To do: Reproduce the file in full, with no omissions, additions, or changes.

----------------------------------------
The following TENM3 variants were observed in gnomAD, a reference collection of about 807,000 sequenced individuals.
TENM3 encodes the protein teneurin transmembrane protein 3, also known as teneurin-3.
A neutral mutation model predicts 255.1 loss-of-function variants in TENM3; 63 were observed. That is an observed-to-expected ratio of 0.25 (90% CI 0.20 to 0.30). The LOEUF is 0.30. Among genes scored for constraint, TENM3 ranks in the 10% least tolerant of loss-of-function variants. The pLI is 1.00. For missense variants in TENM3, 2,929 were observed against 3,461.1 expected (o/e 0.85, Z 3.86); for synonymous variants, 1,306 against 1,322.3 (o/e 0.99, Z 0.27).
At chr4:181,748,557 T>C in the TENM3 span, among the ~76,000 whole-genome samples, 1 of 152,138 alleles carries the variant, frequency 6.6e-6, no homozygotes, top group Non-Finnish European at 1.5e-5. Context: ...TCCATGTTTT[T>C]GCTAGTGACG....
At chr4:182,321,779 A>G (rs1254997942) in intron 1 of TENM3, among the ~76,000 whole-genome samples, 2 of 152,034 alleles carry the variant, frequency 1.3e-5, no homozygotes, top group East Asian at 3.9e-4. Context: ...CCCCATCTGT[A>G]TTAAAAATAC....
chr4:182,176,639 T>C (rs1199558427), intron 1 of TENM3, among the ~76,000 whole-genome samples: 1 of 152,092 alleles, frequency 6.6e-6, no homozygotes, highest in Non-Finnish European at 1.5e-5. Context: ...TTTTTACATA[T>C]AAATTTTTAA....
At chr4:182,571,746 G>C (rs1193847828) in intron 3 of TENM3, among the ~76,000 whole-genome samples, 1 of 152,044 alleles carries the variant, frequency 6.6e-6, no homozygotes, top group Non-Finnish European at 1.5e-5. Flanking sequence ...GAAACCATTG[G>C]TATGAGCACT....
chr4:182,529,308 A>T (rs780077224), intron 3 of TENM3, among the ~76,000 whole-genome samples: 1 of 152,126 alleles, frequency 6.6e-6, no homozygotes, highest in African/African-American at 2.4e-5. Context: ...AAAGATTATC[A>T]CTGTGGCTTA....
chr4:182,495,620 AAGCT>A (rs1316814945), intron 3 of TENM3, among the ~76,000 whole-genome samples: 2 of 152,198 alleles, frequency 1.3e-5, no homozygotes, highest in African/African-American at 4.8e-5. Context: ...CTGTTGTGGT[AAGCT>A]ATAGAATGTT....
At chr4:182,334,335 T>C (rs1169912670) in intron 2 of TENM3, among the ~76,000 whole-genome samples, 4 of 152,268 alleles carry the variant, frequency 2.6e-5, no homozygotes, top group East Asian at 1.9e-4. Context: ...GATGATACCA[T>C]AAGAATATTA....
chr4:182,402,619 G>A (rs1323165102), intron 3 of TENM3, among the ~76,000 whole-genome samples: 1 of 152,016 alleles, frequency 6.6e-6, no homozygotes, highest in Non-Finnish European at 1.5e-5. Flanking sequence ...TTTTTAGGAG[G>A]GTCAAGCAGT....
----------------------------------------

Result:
The following TENM3 variants were observed in gnomAD, a reference collection of about 807,000 sequenced individuals.
TENM3 encodes the protein teneurin transmembrane protein 3, also known as teneurin-3.
A neutral mutation model predicts 255.1 loss-of-function variants in TENM3; 63 were observed. That is an observed-to-expected ratio of 0.25 (90% CI 0.20 to 0.30). The LOEUF is 0.30. Among genes scored for constraint, TENM3 ranks in the 10% least tolerant of loss-of-function variants. The pLI is 1.00. For missense variants in TENM3, 2,929 were observed against 3,461.1 expected (o/e 0.85, Z 3.86); for synonymous variants, 1,306 against 1,322.3 (o/e 0.99, Z 0.27).
At chr4:181,748,557 T>C in the TENM3 span, among the ~76,000 whole-genome samples, 1 of 152,138 alleles carries the variant, frequency 6.6e-6, no homozygotes, top group Non-Finnish European at 1.5e-5. Context: ...TCCATGTTTT[T>C]GCTAGTGACG....
At chr4:182,321,779 A>G (rs1254997942) in intron 1 of TENM3, among the ~76,000 whole-genome samples, 2 of 152,034 alleles carry the variant, frequency 1.3e-5, no homozygotes, top group East Asian at 3.9e-4. Context: ...CCCCATCTGT[A>G]TTAAAAATAC....
chr4:182,176,639 T>C (rs1199558427), intron 1 of TENM3, among the ~76,000 whole-genome samples: 1 of 152,092 alleles, frequency 6.6e-6, no homozygotes, highest in Non-Finnish European at 1.5e-5. Context: ...TTTTTACATA[T>C]AAATTTTTAA....
At chr4:182,571,746 G>C (rs1193847828) in intron 3 of TENM3, among the ~76,000 whole-genome samples, 1 of 152,044 alleles carries the variant, frequency 6.6e-6, no homozygotes, top group Non-Finnish European at 1.5e-5. Flanking sequence ...GAAACCATTG[G>C]TATGAGCACT....
chr4:182,529,308 A>T (rs780077224), intron 3 of TENM3, among the ~76,000 whole-genome samples: 1 of 152,126 alleles, frequency 6.6e-6, no homozygotes, highest in African/African-American at 2.4e-5. Context: ...AAAGATTATC[A>T]CTGTGGCTTA....
chr4:182,495,620 AAGCT>A (rs1316814945), intron 3 of TENM3, among the ~76,000 whole-genome samples: 2 of 152,198 alleles, frequency 1.3e-5, no homozygotes, highest in African/African-American at 4.8e-5. Context: ...CTGTTGTGGT[AAGCT>A]ATAGAATGTT....
At chr4:182,334,335 T>C (rs1169912670) in intron 2 of TENM3, among the ~76,000 whole-genome samples, 4 of 152,268 alleles carry the variant, frequency 2.6e-5, no homozygotes, top group East Asian at 1.9e-4. Context: ...GATGATACCA[T>C]AAGAATATTA....
chr4:182,402,619 G>A (rs1323165102), intron 3 of TENM3, among the ~76,000 whole-genome samples: 1 of 152,016 alleles, frequency 6.6e-6, no homozygotes, highest in Non-Finnish European at 1.5e-5. Flanking sequence ...TTTTTAGGAG[G>A]GTCAAGCAGT....